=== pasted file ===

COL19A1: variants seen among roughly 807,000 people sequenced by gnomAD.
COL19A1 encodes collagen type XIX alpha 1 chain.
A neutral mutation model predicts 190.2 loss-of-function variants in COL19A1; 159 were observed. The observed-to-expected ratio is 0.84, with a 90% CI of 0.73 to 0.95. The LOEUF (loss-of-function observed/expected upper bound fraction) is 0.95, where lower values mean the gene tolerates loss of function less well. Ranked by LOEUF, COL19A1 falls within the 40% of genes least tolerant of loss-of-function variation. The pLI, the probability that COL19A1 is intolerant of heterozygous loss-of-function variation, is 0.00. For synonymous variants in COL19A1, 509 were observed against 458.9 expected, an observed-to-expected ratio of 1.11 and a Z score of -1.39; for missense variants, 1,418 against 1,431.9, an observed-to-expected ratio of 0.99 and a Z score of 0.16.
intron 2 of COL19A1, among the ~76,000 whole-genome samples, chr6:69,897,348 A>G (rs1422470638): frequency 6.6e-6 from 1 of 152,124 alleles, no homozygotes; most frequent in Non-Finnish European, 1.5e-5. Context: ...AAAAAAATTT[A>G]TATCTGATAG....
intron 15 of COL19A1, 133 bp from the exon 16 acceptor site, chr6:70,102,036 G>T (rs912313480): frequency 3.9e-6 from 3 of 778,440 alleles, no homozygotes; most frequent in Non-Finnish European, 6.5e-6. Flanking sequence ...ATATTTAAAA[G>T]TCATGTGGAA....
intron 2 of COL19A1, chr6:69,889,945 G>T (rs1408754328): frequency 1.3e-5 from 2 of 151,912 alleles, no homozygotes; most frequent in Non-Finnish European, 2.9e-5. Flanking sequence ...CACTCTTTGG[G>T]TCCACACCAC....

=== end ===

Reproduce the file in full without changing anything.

COL19A1: variants seen among roughly 807,000 people sequenced by gnomAD.
COL19A1 encodes collagen type XIX alpha 1 chain.
A neutral mutation model predicts 190.2 loss-of-function variants in COL19A1; 159 were observed. The observed-to-expected ratio is 0.84, with a 90% CI of 0.73 to 0.95. The LOEUF (loss-of-function observed/expected upper bound fraction) is 0.95, where lower values mean the gene tolerates loss of function less well. Ranked by LOEUF, COL19A1 falls within the 40% of genes least tolerant of loss-of-function variation. The pLI, the probability that COL19A1 is intolerant of heterozygous loss-of-function variation, is 0.00. For synonymous variants in COL19A1, 509 were observed against 458.9 expected, an observed-to-expected ratio of 1.11 and a Z score of -1.39; for missense variants, 1,418 against 1,431.9, an observed-to-expected ratio of 0.99 and a Z score of 0.16.
intron 2 of COL19A1, among the ~76,000 whole-genome samples, chr6:69,897,348 A>G (rs1422470638): frequency 6.6e-6 from 1 of 152,124 alleles, no homozygotes; most frequent in Non-Finnish European, 1.5e-5. Context: ...AAAAAAATTT[A>G]TATCTGATAG....
intron 15 of COL19A1, 133 bp from the exon 16 acceptor site, chr6:70,102,036 G>T (rs912313480): frequency 3.9e-6 from 3 of 778,440 alleles, no homozygotes; most frequent in Non-Finnish European, 6.5e-6. Flanking sequence ...ATATTTAAAA[G>T]TCATGTGGAA....
intron 2 of COL19A1, chr6:69,889,945 G>T (rs1408754328): frequency 1.3e-5 from 2 of 151,912 alleles, no homozygotes; most frequent in Non-Finnish European, 2.9e-5. Flanking sequence ...CACTCTTTGG[G>T]TCCACACCAC....